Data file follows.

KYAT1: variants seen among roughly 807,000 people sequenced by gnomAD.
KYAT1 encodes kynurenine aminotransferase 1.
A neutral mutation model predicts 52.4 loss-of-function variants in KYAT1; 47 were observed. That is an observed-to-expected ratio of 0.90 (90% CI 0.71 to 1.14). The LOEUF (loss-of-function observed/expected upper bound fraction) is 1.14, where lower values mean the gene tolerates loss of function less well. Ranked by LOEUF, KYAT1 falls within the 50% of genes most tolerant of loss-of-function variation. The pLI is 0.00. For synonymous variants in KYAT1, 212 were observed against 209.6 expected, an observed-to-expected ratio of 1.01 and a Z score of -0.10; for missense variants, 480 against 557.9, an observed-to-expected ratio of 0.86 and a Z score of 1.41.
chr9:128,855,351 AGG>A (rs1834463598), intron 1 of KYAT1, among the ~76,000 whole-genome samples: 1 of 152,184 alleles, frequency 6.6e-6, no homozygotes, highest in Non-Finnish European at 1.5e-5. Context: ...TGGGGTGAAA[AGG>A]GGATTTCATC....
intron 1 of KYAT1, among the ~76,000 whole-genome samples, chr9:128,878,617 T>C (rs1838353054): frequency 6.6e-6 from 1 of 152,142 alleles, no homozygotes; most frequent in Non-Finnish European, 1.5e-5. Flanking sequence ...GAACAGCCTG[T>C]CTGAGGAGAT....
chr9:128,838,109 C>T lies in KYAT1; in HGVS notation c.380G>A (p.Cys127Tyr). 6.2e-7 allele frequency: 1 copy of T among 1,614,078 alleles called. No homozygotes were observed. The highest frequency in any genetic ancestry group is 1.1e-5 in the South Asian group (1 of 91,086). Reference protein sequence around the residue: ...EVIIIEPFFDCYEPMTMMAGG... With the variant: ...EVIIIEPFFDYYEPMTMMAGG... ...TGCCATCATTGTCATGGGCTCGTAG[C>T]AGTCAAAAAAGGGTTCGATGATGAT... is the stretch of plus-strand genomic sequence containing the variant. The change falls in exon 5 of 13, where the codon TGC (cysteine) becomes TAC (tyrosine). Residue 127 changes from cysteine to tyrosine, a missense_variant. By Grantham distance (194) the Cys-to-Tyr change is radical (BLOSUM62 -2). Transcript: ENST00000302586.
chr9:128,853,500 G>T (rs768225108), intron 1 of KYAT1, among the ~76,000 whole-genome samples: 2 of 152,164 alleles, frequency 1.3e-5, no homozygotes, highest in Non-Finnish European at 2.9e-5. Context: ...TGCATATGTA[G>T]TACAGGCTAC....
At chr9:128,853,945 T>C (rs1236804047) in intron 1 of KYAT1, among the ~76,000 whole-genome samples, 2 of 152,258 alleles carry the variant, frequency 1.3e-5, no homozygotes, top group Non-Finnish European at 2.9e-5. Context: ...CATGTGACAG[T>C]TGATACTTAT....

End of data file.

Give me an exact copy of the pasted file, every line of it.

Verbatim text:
KYAT1: variants seen among roughly 807,000 people sequenced by gnomAD.
KYAT1 encodes kynurenine aminotransferase 1.
A neutral mutation model predicts 52.4 loss-of-function variants in KYAT1; 47 were observed. That is an observed-to-expected ratio of 0.90 (90% CI 0.71 to 1.14). The LOEUF (loss-of-function observed/expected upper bound fraction) is 1.14, where lower values mean the gene tolerates loss of function less well. Ranked by LOEUF, KYAT1 falls within the 50% of genes most tolerant of loss-of-function variation. The pLI is 0.00. For synonymous variants in KYAT1, 212 were observed against 209.6 expected, an observed-to-expected ratio of 1.01 and a Z score of -0.10; for missense variants, 480 against 557.9, an observed-to-expected ratio of 0.86 and a Z score of 1.41.
chr9:128,855,351 AGG>A (rs1834463598), intron 1 of KYAT1, among the ~76,000 whole-genome samples: 1 of 152,184 alleles, frequency 6.6e-6, no homozygotes, highest in Non-Finnish European at 1.5e-5. Context: ...TGGGGTGAAA[AGG>A]GGATTTCATC....
intron 1 of KYAT1, among the ~76,000 whole-genome samples, chr9:128,878,617 T>C (rs1838353054): frequency 6.6e-6 from 1 of 152,142 alleles, no homozygotes; most frequent in Non-Finnish European, 1.5e-5. Flanking sequence ...GAACAGCCTG[T>C]CTGAGGAGAT....
chr9:128,838,109 C>T lies in KYAT1; in HGVS notation c.380G>A (p.Cys127Tyr). 6.2e-7 allele frequency: 1 copy of T among 1,614,078 alleles called. No homozygotes were observed. The highest frequency in any genetic ancestry group is 1.1e-5 in the South Asian group (1 of 91,086). Reference protein sequence around the residue: ...EVIIIEPFFDCYEPMTMMAGG... With the variant: ...EVIIIEPFFDYYEPMTMMAGG... ...TGCCATCATTGTCATGGGCTCGTAG[C>T]AGTCAAAAAAGGGTTCGATGATGAT... is the stretch of plus-strand genomic sequence containing the variant. The change falls in exon 5 of 13, where the codon TGC (cysteine) becomes TAC (tyrosine). Residue 127 changes from cysteine to tyrosine, a missense_variant. By Grantham distance (194) the Cys-to-Tyr change is radical (BLOSUM62 -2). Transcript: ENST00000302586.
chr9:128,853,500 G>T (rs768225108), intron 1 of KYAT1, among the ~76,000 whole-genome samples: 2 of 152,164 alleles, frequency 1.3e-5, no homozygotes, highest in Non-Finnish European at 2.9e-5. Context: ...TGCATATGTA[G>T]TACAGGCTAC....
At chr9:128,853,945 T>C (rs1236804047) in intron 1 of KYAT1, among the ~76,000 whole-genome samples, 2 of 152,258 alleles carry the variant, frequency 1.3e-5, no homozygotes, top group Non-Finnish European at 2.9e-5. Context: ...CATGTGACAG[T>C]TGATACTTAT....